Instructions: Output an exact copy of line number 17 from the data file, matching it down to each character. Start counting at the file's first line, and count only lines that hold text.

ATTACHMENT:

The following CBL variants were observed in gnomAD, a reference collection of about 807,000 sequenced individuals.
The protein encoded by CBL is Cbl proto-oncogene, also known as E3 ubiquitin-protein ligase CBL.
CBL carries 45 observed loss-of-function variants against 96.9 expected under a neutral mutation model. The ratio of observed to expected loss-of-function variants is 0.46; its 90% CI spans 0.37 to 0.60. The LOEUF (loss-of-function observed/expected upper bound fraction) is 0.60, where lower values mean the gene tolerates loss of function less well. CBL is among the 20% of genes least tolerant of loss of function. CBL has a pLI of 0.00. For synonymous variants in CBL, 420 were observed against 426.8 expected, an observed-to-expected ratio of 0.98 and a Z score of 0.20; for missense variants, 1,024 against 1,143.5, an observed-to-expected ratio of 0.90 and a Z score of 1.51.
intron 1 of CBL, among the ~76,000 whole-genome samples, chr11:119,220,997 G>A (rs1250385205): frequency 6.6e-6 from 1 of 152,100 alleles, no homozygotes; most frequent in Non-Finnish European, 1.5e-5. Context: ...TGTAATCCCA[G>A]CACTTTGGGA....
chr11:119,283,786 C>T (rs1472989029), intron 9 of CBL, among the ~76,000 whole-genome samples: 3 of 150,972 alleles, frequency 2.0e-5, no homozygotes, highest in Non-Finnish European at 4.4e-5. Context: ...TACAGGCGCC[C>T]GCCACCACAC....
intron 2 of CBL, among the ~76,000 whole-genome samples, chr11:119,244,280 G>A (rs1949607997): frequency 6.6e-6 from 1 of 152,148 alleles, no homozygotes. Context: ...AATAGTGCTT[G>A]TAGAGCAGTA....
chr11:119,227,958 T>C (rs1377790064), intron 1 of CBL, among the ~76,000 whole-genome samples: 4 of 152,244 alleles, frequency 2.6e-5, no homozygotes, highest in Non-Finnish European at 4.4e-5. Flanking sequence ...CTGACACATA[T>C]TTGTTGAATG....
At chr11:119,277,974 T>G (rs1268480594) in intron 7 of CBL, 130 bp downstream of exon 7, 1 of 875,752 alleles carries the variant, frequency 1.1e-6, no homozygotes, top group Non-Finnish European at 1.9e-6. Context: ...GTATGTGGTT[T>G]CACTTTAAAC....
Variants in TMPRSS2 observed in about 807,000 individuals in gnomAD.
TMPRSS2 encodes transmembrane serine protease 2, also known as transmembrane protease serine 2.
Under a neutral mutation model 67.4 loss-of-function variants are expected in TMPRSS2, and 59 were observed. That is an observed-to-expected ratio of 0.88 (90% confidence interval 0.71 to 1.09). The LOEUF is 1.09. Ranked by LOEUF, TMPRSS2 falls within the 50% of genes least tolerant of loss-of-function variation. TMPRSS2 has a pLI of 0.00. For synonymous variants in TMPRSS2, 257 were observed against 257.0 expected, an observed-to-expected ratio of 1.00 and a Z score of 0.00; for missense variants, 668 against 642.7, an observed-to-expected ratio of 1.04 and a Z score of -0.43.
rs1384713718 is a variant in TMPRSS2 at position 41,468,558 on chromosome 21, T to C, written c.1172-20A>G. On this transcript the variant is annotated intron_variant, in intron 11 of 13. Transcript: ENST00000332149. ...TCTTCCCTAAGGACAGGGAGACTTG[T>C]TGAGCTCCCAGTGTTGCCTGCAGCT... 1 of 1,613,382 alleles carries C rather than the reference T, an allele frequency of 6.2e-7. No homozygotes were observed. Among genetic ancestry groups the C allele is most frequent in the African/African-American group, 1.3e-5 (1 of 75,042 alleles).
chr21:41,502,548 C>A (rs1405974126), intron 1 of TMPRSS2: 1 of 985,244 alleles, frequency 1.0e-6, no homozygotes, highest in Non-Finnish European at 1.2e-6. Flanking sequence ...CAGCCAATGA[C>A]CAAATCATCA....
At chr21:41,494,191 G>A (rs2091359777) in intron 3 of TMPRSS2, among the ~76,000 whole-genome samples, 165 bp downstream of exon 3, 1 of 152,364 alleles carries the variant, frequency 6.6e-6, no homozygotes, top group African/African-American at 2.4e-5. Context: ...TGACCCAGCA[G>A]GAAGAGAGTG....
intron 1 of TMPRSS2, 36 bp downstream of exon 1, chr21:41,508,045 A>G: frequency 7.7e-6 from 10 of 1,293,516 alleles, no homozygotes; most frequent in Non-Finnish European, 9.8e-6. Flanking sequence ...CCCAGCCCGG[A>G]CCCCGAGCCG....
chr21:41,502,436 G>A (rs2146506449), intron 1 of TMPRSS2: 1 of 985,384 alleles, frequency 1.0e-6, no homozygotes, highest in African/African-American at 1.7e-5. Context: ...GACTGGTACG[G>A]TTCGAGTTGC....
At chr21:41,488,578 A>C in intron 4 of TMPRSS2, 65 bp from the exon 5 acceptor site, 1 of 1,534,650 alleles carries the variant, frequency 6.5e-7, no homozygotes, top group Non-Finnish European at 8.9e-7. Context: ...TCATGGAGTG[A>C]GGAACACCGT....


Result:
At chr21:41,488,578 A>C in intron 4 of TMPRSS2, 65 bp from the exon 5 acceptor site, 1 of 1,534,650 alleles carries the variant, frequency 6.5e-7, no homozygotes, top group Non-Finnish European at 8.9e-7. Context: ...TCATGGAGTG[A>C]GGAACACCGT....